The summer bushfires, a global pandemic and now the dangers of winter.
The challenges just keep coming for emergency services, with Fire and Rescue NSW (FRNSW) last week demonstrating just how quickly a living room can be consumed by fire.
The chilling example launched FRNSW’S winter safety campaign.
Within minutes the room was completely engulfed in flames, sending an important message to families who may be spending more time at home in the colder months.
Minister for Police and Emergency Services David Elliott, who attended the demonstration at Londonderry, acknowledged the hazard fatigue the community may be experiencing but said it is no time for complacency.
“We’ve had a community that’s gone through a pandemic, bushfires, in March we had serious storms and of course the ongoing drought has created this notion that when you’re at home you are safe but what we have seen today is that you’re not necessarily safe at home,” he said.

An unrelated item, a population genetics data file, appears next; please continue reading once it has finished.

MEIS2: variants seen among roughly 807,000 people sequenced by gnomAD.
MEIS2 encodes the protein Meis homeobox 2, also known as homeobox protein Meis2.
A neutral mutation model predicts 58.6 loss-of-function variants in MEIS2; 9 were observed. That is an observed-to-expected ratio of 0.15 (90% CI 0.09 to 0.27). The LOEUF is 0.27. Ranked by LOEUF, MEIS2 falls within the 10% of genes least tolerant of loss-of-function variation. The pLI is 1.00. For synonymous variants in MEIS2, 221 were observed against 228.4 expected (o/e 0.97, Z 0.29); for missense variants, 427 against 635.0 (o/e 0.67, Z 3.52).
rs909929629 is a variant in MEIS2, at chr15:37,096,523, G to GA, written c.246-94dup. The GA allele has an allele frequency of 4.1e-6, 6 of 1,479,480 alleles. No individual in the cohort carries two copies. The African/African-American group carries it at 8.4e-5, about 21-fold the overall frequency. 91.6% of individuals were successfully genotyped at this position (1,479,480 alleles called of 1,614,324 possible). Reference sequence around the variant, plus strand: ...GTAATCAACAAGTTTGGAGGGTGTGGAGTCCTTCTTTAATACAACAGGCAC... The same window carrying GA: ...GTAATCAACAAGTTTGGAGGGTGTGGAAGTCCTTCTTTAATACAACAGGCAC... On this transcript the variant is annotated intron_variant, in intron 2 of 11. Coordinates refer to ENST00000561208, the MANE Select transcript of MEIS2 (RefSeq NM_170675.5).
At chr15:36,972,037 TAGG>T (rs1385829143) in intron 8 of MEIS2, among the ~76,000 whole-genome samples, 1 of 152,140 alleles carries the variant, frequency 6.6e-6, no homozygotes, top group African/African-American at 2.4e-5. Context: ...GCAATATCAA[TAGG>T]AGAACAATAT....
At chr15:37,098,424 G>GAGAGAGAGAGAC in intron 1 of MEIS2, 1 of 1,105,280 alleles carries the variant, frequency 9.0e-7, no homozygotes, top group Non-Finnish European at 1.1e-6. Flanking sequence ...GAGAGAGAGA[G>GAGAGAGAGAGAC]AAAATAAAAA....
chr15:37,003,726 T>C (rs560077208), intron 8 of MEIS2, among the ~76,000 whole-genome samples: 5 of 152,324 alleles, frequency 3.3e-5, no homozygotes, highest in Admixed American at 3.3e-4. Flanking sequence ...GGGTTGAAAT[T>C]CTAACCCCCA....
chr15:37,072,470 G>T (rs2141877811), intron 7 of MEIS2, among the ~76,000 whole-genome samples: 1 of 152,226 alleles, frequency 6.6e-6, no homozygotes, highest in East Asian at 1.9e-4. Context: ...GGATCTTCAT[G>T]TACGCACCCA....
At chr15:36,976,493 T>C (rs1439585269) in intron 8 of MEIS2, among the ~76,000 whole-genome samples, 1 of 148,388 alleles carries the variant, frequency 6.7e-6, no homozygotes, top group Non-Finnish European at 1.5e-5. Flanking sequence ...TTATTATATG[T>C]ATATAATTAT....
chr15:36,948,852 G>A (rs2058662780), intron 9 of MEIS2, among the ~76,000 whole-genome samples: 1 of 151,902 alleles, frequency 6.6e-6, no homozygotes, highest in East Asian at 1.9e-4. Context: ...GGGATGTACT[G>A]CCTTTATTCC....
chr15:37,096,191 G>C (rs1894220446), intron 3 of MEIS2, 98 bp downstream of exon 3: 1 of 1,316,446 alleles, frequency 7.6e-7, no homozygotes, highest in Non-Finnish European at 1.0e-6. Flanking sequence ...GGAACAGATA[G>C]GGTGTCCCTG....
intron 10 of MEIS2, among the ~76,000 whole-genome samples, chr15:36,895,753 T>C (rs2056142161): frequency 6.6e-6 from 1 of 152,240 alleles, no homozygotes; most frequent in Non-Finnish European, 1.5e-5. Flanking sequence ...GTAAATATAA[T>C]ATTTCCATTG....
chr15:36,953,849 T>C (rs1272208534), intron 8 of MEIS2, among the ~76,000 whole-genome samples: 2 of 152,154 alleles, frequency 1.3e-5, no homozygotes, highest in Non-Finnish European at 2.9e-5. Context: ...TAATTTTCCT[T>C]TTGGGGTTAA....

“Firefighters spent a tumultuous summer protecting NSW residents from the fires raging outside the home, but now is the time for residents to take care, listen to the experts and ensure your families are protected from the dangers inside the home.
“The COVID-19 pandemic has also seen many people rightly using more hand sanitiser, but they must be reminded that sanitiser contains flammable alcohol and they must ensure their hands are completely dry before coming into contact with a naked flame.”
As part of the Winter Safety Program, FRNSW will be digitally opening their doors for an open week where people can learn how to protect their home.
“This Open Day, our firefighters will walk you through how to check your smoke alarms and help you come up with a fire escape plan via Facebook Live,” Acting Commissioner Jeremy Fewtrell said.
Mr Fewtrell said winter is the time when they see an increase in residential house fire related fatalities.
“Don’t put your family at risk this winter, check that all your appliances are switched off and ensure that open fires have been fully extinguished. If we all do our bit to minimise the risks in our homes, we can all stay safer together,” he said.
A graduate of Western Sydney University, Nicola Barton is a news journalist with the Western Weekender, primarily covering crime and politics.